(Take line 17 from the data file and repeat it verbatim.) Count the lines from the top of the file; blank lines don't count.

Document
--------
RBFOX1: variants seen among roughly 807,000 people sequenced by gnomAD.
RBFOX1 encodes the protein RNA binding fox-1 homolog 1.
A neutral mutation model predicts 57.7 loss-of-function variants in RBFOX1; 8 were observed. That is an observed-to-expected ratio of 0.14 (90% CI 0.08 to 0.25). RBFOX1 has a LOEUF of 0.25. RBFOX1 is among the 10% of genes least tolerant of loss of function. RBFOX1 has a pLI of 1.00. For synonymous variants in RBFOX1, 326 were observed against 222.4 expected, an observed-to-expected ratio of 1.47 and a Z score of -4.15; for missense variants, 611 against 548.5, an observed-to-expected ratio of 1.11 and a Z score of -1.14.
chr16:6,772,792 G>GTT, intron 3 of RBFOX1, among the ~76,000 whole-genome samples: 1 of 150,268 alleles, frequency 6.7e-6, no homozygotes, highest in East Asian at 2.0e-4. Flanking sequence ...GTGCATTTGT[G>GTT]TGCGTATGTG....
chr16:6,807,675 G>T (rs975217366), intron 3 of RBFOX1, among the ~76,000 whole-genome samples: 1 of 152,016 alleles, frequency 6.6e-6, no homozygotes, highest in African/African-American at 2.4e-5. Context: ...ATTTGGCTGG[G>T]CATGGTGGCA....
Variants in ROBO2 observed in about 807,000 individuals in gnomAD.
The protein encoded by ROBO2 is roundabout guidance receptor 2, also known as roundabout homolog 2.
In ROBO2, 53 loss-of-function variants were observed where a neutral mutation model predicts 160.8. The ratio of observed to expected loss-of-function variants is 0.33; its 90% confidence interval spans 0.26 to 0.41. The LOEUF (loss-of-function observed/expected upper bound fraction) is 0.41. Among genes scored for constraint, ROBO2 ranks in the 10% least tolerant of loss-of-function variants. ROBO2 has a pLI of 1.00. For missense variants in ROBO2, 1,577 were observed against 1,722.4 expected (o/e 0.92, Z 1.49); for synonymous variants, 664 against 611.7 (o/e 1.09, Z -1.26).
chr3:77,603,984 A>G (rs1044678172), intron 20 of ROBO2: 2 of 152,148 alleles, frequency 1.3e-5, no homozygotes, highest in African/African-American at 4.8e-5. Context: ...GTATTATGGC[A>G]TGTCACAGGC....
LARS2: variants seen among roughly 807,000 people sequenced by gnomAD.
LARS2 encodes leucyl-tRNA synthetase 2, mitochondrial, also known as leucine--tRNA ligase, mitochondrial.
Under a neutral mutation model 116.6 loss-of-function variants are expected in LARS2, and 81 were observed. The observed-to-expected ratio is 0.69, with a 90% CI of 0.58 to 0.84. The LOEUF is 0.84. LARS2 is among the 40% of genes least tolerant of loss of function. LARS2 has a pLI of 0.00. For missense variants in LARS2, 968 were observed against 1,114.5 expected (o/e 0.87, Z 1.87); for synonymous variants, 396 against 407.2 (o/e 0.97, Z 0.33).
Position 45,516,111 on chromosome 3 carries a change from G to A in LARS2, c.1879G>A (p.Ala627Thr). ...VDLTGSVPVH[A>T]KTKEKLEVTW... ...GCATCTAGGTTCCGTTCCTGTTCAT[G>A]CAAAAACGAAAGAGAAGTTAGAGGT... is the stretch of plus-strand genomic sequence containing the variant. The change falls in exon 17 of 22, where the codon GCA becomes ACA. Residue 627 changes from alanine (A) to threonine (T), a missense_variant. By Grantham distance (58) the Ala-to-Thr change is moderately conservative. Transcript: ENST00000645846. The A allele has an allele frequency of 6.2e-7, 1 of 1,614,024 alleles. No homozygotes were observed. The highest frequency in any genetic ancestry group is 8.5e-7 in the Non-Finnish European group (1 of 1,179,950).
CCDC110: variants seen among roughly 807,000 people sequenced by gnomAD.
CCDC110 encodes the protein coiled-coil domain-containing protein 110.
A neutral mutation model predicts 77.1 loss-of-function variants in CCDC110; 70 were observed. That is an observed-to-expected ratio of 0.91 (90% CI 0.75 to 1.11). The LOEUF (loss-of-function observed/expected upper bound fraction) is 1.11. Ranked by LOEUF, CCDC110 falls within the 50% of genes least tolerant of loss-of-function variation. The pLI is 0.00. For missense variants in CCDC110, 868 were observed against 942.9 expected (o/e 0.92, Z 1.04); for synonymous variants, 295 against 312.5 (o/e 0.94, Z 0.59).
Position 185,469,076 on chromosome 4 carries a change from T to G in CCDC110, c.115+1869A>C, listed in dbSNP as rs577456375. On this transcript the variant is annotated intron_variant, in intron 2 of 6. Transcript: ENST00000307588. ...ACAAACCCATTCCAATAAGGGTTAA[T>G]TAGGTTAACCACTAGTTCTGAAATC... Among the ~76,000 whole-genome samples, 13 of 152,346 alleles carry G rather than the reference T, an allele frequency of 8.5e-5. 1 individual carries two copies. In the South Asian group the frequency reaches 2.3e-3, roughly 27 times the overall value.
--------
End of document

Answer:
Position 185,469,076 on chromosome 4 carries a change from T to G in CCDC110, c.115+1869A>C, listed in dbSNP as rs577456375. On this transcript the variant is annotated intron_variant, in intron 2 of 6. Transcript: ENST00000307588. ...ACAAACCCATTCCAATAAGGGTTAA[T>G]TAGGTTAACCACTAGTTCTGAAATC... Among the ~76,000 whole-genome samples, 13 of 152,346 alleles carry G rather than the reference T, an allele frequency of 8.5e-5. 1 individual carries two copies. In the South Asian group the frequency reaches 2.3e-3, roughly 27 times the overall value.